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Abstract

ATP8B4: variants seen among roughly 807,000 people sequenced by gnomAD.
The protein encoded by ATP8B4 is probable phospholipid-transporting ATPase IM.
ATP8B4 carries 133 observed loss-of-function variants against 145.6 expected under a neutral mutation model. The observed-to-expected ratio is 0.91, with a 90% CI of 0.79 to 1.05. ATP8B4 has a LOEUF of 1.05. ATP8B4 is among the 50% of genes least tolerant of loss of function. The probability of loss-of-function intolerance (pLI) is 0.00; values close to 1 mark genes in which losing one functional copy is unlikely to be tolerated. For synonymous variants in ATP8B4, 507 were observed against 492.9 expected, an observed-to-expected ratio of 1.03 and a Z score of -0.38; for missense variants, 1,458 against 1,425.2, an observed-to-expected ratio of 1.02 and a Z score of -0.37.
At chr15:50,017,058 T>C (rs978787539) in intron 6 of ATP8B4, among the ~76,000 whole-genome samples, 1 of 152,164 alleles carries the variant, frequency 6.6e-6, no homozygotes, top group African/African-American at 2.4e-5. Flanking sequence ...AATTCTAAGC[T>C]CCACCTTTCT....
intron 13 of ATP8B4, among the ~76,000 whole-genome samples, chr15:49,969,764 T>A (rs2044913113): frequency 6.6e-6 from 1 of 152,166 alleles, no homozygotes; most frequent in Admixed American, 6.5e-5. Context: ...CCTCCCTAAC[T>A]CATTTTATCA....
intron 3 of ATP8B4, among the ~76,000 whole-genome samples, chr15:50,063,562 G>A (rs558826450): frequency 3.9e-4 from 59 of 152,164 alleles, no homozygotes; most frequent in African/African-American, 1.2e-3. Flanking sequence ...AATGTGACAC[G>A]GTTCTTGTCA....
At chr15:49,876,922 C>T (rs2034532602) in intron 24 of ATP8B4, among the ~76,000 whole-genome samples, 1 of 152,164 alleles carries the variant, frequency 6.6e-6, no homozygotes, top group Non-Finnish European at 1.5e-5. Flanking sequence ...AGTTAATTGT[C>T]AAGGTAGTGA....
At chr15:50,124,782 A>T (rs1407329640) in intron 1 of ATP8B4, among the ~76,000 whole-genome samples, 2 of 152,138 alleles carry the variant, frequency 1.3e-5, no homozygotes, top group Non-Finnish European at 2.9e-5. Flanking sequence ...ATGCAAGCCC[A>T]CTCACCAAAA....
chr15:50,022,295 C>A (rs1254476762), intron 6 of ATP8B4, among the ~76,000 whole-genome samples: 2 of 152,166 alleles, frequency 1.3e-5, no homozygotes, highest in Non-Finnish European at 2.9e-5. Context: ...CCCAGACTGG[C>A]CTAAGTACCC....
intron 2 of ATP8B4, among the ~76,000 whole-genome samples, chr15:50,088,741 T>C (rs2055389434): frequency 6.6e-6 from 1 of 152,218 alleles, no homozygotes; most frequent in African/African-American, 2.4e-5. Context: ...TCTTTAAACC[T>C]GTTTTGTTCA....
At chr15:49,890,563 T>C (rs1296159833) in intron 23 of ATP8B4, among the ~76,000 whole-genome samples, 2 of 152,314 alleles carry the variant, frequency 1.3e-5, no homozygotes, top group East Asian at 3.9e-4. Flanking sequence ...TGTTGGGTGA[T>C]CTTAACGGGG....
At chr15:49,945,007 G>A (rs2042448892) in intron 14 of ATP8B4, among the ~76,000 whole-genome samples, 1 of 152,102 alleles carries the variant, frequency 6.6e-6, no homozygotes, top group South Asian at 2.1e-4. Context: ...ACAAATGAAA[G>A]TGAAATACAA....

During the Holocene epoch, prairie graminoid species colonized North American deciduous forests. The resultant prairie communities, often termed oak openings became rare over time. Between 1863 and 1943, one oak opening was identified within Mendon Ponds County Park in New York. The researcher sought to relocate this oak opening and measure changes in community composition. They compared the graminoid composition of the proposed oak opening site with the described composition of the original oak opening. Additionally, they compared their oak opening site to three other sites. Vegetation and soil characteristics varied significantly between sites. The variation between the oak opening and other sites led them to conclude that they had successfully relocated the oak opening. The future of the oak opening, however, remains unclear due to the spread of invasive swallowwort (Vincetoxicum spp.) throughout the site. Swallowwort threatens the persistence of the oak opening, a locally rare floral community.

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